New York Mets GM Sandy Alderson: Grading His 2013 Performance

Stephen SmithContributor IIISeptember 19, 2013

It's been quite an interesting season for Sandy Alderson
It's been quite an interesting season for Sandy AldersonBrad Penner-USA TODAY Sports

So what grade should New York Mets general manager Sandy Alderson receive this year?

The Mets seem to be pointed in the right direction, building their future around a promising starting rotation. A lot of air went out of New York's balloon due to Matt Harvey's elbow injury in August, but there is still guarded optimism moving forward.

Alderson has had a lot to deal with this season, but can be judged for the most part on three major developments since the start of spring training. Let's take a closer look at those developments and what his overall grade is now that the 2013 campaign is winding down.


1. Signing Marlon Byrd to a minor league contract (Grade: A)

This was one of the best signings of the entire MLB season. It really was.

Alderson inked the 35-year-old outfielder to a minor league pact in spring training with the opportunity to win a spot on New York's 25-man roster.

Wow, did Byrd take advantage of the opportunity. Before he was traded to the Pittsburgh Pirates on Aug. 28, the 12-year veteran was leading the Mets in home runs (21), RBI (71) and ranked fifth in the National League in slugging percentage (.518).

Not only that, but Byrd also played very well in right field. He showed decent range and a strong arm—he had five outfield assists—and his veteran leadership was certainly welcome in New York's clubhouse.

Without a doubt, he was one of the most pleasant surprises in all of baseball and completely revived his career after hitting just .210 combined the year before with the Cubs and Red Sox.

It easily turned out to be Alderson's best move of 2013.


2. Demoting Ike Davis to Triple-A Las Vegas in June (Grade: D)

Simply put, Alderson waited too long to send down New York's struggling starting first baseman on June 10. He should have made the move several weeks earlier.

At the time of his demotion, Davis was like the doomed ship, The Titanic—he had hit the iceberg already and was sinking fast.

Davis was hitting a feeble .147 on May 22 after a 7-4 home loss to the Cincinnati Reds. That is well below the dreaded Mendoza Line, and Alderson should have pulled the plug at that point and sent the Arizona State product to Las Vegas to get his act together. Davis looked completely lost at the plate.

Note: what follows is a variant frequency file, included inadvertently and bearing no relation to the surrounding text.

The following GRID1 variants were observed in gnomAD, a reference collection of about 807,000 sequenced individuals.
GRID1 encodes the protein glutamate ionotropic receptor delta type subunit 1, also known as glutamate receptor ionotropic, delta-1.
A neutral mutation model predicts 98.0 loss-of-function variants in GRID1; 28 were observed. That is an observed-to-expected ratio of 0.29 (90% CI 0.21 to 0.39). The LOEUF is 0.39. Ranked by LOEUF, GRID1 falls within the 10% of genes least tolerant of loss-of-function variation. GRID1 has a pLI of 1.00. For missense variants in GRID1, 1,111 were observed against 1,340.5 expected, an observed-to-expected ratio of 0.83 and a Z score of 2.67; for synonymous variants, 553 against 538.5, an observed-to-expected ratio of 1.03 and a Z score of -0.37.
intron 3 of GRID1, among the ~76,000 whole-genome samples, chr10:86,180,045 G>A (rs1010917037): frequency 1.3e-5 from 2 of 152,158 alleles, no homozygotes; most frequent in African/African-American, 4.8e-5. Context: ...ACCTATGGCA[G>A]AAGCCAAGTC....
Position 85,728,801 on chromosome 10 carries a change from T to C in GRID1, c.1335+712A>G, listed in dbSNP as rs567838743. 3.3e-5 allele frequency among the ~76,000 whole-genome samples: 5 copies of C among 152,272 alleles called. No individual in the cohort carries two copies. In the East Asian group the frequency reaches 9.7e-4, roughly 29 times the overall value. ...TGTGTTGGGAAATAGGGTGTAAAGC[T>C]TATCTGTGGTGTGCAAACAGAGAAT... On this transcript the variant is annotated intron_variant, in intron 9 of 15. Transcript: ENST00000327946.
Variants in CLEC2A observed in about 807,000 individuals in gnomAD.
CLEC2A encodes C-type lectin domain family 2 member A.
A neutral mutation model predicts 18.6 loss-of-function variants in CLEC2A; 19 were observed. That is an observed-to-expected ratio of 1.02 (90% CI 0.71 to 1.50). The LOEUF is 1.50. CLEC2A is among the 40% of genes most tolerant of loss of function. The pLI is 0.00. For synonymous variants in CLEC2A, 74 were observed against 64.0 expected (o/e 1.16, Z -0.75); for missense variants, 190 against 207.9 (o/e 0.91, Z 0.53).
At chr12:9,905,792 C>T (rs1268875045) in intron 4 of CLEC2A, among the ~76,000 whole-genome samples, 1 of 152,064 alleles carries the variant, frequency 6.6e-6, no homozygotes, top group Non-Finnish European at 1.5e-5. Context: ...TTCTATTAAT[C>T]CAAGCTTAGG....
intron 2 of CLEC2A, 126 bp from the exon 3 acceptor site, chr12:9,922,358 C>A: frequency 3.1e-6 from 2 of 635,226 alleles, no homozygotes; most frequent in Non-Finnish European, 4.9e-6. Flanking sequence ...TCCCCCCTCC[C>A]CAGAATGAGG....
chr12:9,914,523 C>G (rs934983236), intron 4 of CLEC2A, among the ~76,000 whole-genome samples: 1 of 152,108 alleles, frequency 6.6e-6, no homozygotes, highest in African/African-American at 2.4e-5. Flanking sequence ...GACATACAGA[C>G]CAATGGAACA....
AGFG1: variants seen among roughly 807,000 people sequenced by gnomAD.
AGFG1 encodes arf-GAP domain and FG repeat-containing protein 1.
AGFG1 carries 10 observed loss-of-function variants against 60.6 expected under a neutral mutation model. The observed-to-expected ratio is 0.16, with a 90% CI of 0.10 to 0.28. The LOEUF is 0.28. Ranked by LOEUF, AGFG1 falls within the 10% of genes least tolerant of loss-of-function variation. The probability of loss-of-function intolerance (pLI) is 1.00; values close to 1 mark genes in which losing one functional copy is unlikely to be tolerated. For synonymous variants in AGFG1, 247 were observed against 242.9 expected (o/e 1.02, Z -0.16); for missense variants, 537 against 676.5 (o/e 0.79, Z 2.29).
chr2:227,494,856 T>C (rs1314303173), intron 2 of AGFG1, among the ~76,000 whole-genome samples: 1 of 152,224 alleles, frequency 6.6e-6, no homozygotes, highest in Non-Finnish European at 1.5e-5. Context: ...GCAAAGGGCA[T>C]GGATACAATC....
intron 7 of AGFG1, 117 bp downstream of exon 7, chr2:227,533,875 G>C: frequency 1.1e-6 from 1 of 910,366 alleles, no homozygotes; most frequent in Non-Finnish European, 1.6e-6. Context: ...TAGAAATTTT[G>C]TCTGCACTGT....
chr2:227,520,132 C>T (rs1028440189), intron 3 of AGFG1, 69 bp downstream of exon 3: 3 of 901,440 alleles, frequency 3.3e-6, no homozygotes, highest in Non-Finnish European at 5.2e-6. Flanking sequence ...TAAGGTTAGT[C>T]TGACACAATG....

May 23rd was the day that Alderson should have acted decisively and sent Davis down to the farm. He needed that extra time to regain his stroke and confidence. Why wait? Davis was killing many a Mets rally, time and time again.

Too late.

Much too late.


3. Promoting Zack Wheeler in mid-June (Grade: B)

Alderson showed fine patience by waiting to call up the Smyrna, Georgia native until June 18 in Atlanta.

The lanky right-hander needed to work on his command issues in Las Vegas before being summoned up to the parent club. He was walking batters at a high rate, including issuing six base on balls to Sacramento on April 19.

Wheeler walked nine batters in his first two Triple-A starts this season. He finally settled down and used his time in the desert well to address his control issues. Wheeler concluded his season in Las Vegas by walking just four batters over his last three contests and finished with a respectable 1.28 WHIP before he was promoted to the Mets.

Alderson certainly could have called up Wheeler much sooner than he did, but resisted the temptation in order to have Wheeler gain more seasoning.

That patience has certainly paid off handsomely.


Alderson's Overall Grade: B-

Alderson has the Mets headed in the right direction, but needs to sign some viable free agents over the winter to boost New York's anemic offensive attack. If he does not address that issue, his stay in New York will be short-lived starting in 2014. Mets fans are sick of losing. That has to change.